- To prioritize and optimize specific traffic
- To prevent DDoS attacks
Some of the reasons may have some validity; others may be controversial for users and customers. The reality is that those can all prevent you from enjoying a good movie, torrent, play games, or even browse the web. To avoid having your bandwidth and speed throttled by your ISP, use a VPN.
VPN technology to the rescue
Streaming services and platforms such as Hulu, Netflix, the BBC iPlayer, Amazon Prime Video, Stremio, Kodi, and others require a lot of bandwidth to perform their activities at their best. That’s why, in most cases, ISPs are eager to throttle speed and bandwidth of users that engage into heavy streaming, but you can disguise your traffic and location with a VPN and avoid this issue.
Virtual Private Networks, or VPNs, are excellent tools to gain privacy and anonymity while browsing the web, streaming, gaming, torrenting, and any other thing you can do online. They come in the form of apps or clients that are compatible with the majority of platforms, devices, and operating systems in the market.
These apps or services have the ability to encrypt the user’s content, making it impossible to decipher and intercept by any external agent that may be eager to take advantage of it. Hackers, crypto miners, malware developers, cybercriminals, scammers, online advertising companies, surveillance and law enforcement agencies, copyright trolls, and others will not be able to gain access to your data.
The effect is achieved thanks to the application of protocols, which are known around the industry as content protection measures. Some of them are OpenVPN, L2TP/IPSec, SSTP, PPTP, IKEv2, and others. They build a virtual tunnel for your information and IP address to pass.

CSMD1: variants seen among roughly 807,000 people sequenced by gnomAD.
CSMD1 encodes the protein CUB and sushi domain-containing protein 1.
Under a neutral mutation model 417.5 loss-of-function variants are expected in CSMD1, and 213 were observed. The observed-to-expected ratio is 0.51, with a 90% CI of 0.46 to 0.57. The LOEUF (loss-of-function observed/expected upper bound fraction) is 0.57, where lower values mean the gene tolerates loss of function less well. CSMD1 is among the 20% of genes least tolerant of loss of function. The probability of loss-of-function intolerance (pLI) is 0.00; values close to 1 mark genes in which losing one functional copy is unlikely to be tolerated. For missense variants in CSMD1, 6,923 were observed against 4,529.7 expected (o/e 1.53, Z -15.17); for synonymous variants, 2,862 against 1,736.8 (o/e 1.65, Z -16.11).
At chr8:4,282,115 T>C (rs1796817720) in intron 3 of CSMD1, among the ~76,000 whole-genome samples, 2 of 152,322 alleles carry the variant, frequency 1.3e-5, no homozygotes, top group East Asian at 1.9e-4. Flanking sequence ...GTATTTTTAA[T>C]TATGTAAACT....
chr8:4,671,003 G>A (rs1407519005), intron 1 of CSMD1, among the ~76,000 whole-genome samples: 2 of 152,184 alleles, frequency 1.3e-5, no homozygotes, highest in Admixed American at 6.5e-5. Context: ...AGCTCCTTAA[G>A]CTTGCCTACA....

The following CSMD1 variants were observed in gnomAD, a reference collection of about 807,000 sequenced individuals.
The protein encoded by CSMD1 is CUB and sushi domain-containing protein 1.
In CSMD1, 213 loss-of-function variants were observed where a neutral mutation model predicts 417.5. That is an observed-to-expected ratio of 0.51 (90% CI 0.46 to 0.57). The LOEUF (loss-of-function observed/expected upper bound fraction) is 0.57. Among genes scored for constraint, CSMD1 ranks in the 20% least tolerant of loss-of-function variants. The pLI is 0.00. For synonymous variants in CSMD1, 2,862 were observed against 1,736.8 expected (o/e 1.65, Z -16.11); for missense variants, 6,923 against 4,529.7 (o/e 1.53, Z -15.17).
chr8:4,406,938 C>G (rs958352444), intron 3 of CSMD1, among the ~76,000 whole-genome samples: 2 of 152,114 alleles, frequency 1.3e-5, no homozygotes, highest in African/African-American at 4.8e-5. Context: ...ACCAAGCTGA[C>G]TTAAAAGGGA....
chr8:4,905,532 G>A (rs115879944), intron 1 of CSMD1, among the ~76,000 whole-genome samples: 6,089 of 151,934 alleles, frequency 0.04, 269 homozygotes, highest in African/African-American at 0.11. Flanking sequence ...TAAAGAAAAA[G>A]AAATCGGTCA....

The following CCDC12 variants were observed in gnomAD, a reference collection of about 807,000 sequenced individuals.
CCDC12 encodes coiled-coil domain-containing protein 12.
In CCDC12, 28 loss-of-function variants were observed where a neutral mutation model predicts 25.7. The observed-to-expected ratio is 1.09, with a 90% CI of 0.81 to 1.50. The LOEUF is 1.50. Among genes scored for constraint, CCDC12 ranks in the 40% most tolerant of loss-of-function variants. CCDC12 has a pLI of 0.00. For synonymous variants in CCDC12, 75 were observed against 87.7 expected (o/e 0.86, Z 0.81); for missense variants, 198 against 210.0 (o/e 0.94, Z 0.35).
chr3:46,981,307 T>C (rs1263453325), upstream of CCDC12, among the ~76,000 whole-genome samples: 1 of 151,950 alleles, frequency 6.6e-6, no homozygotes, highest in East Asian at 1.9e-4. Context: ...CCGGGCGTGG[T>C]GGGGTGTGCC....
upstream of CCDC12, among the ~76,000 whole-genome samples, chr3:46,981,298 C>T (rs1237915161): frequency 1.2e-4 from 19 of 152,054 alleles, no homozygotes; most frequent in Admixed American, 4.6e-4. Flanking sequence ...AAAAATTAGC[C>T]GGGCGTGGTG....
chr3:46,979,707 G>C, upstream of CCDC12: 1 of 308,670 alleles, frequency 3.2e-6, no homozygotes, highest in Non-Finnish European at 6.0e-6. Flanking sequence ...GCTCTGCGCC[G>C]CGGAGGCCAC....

With a VPN, you can trick Internet Service Providers and disguise your traffic inside the “tunnel” that your app builds, protecting yourself against ISP throttling in the process. A VPN will also hide your IP number, to keep your location private, and lend you one from the country you select – as long as it is offered by your preferred brand.
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How to prevent Internet throttling with a VPN
- Select a VPN provider with robust encryption, a no logging policy, and several countries available for connection. A kill switch and DNS leak protection would also come in handy
- Go to that VPN’s website
- Register for the VPN service. You will need to provide some personal information and a payment method
- Create a username and a password
- Download and install the VPN app on your device
- Launch the VPN app
- Sign in to your account
- Connect to a virtual server from a different location. It will give you a different IP address and hide yours
TorGuard treats its customers very kindly by offering them numerous articles, guides, manuals, video tutorials, and a live chat feature to solve their doubts. For only $10 per month, users can enjoy top encryption, privacy, multiple choices of protocols and platforms, and five simultaneous devices.
In conclusion, ISPs often slow down their users’ connection for a variety of reasons that may range from distributing bandwidth among their users to a soft form of censorship. To prevent Internet throttling, use a VPN.